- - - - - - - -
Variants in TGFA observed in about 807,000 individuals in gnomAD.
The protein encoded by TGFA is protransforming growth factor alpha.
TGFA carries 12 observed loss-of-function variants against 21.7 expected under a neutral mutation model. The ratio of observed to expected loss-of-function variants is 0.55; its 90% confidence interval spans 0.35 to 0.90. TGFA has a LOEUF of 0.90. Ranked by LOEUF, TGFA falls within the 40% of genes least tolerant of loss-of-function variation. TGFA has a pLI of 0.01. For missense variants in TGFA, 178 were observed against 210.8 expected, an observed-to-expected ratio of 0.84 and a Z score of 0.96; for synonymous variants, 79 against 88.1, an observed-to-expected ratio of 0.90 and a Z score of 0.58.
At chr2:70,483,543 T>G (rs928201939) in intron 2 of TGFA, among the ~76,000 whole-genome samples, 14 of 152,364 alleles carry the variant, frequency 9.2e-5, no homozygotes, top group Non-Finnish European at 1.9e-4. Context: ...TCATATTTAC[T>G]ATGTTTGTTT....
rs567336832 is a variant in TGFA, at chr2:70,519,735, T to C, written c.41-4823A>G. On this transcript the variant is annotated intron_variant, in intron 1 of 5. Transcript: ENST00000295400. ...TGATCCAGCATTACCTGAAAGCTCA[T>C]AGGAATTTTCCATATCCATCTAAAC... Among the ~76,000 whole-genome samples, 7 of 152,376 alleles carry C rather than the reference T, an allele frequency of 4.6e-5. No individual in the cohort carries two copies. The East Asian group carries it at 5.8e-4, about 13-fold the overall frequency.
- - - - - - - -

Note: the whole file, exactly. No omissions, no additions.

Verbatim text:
Variants in TGFA observed in about 807,000 individuals in gnomAD.
The protein encoded by TGFA is protransforming growth factor alpha.
TGFA carries 12 observed loss-of-function variants against 21.7 expected under a neutral mutation model. The ratio of observed to expected loss-of-function variants is 0.55; its 90% confidence interval spans 0.35 to 0.90. TGFA has a LOEUF of 0.90. Ranked by LOEUF, TGFA falls within the 40% of genes least tolerant of loss-of-function variation. TGFA has a pLI of 0.01. For missense variants in TGFA, 178 were observed against 210.8 expected, an observed-to-expected ratio of 0.84 and a Z score of 0.96; for synonymous variants, 79 against 88.1, an observed-to-expected ratio of 0.90 and a Z score of 0.58.
At chr2:70,483,543 T>G (rs928201939) in intron 2 of TGFA, among the ~76,000 whole-genome samples, 14 of 152,364 alleles carry the variant, frequency 9.2e-5, no homozygotes, top group Non-Finnish European at 1.9e-4. Context: ...TCATATTTAC[T>G]ATGTTTGTTT....
rs567336832 is a variant in TGFA, at chr2:70,519,735, T to C, written c.41-4823A>G. On this transcript the variant is annotated intron_variant, in intron 1 of 5. Transcript: ENST00000295400. ...TGATCCAGCATTACCTGAAAGCTCA[T>C]AGGAATTTTCCATATCCATCTAAAC... Among the ~76,000 whole-genome samples, 7 of 152,376 alleles carry C rather than the reference T, an allele frequency of 4.6e-5. No individual in the cohort carries two copies. The East Asian group carries it at 5.8e-4, about 13-fold the overall frequency.